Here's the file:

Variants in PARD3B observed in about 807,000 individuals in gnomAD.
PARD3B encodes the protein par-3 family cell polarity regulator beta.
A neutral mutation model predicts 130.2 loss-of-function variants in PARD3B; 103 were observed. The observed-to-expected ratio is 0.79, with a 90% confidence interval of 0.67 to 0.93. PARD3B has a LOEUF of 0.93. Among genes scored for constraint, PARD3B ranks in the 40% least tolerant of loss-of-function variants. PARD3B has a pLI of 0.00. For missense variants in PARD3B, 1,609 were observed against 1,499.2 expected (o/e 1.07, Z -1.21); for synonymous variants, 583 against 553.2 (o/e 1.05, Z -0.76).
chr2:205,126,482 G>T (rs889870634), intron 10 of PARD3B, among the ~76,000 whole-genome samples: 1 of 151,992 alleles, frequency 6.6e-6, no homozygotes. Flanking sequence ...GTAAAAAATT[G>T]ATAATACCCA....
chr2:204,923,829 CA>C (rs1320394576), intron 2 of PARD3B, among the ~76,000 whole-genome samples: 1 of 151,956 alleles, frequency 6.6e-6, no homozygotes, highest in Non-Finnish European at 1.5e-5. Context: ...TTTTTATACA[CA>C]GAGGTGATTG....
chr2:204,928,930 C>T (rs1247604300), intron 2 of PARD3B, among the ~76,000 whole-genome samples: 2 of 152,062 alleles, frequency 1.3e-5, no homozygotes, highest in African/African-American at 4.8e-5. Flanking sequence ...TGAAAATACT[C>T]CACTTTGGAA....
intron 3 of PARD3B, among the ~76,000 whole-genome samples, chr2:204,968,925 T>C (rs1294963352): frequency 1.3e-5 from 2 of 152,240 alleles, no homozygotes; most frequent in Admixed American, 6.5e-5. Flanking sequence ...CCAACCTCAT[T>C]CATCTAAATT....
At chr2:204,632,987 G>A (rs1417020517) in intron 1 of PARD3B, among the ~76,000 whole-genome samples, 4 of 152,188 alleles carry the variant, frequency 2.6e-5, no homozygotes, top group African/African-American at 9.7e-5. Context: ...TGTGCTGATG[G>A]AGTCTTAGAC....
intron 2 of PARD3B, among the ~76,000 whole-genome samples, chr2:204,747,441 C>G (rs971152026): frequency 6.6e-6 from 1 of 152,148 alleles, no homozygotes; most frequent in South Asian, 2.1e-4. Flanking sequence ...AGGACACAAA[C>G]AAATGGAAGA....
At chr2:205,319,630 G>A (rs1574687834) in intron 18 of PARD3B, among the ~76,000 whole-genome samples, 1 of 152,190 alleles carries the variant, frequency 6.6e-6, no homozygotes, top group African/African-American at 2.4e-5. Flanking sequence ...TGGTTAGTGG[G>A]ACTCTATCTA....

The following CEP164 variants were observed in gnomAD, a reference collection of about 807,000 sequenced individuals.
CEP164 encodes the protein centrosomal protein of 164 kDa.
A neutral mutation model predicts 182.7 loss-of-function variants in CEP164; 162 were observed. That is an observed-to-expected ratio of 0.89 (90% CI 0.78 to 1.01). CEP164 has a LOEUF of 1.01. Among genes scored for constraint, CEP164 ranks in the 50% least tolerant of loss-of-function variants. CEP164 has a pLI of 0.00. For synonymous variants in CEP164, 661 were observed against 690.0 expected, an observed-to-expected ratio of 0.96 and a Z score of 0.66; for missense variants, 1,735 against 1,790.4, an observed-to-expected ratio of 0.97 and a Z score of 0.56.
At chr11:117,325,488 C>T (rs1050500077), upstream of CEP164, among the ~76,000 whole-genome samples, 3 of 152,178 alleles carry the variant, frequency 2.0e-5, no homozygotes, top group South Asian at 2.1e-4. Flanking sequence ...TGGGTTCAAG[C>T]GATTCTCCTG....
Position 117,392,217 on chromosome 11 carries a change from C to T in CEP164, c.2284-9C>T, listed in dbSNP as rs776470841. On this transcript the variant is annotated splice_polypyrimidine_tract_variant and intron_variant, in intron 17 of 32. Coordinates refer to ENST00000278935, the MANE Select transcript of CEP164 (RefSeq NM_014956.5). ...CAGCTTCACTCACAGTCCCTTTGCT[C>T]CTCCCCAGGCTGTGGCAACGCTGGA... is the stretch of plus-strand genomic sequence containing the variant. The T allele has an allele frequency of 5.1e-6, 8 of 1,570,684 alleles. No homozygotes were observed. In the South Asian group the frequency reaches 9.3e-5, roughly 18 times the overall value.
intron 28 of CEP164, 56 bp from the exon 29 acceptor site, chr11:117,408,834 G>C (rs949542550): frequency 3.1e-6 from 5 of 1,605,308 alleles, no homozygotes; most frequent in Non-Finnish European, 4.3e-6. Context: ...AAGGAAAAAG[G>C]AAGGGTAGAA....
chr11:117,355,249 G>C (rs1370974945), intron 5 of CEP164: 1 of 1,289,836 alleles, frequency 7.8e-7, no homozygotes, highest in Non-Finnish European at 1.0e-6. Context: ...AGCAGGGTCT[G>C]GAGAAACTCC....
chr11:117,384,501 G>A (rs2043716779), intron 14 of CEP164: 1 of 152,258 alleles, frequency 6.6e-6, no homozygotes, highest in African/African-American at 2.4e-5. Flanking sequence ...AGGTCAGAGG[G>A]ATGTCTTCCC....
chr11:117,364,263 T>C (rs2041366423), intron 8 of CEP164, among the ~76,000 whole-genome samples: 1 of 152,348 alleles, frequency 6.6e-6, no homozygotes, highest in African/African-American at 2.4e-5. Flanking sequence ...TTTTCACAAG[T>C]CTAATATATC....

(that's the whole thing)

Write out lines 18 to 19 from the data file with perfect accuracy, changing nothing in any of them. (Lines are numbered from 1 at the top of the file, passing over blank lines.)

chr11:117,384,501 G>A (rs2043716779), intron 14 of CEP164: 1 of 152,258 alleles, frequency 6.6e-6, no homozygotes, highest in African/African-American at 2.4e-5. Flanking sequence ...AGGTCAGAGG[G>A]ATGTCTTCCC....
chr11:117,364,263 T>C (rs2041366423), intron 8 of CEP164, among the ~76,000 whole-genome samples: 1 of 152,348 alleles, frequency 6.6e-6, no homozygotes, highest in African/African-American at 2.4e-5. Flanking sequence ...TTTTCACAAG[T>C]CTAATATATC....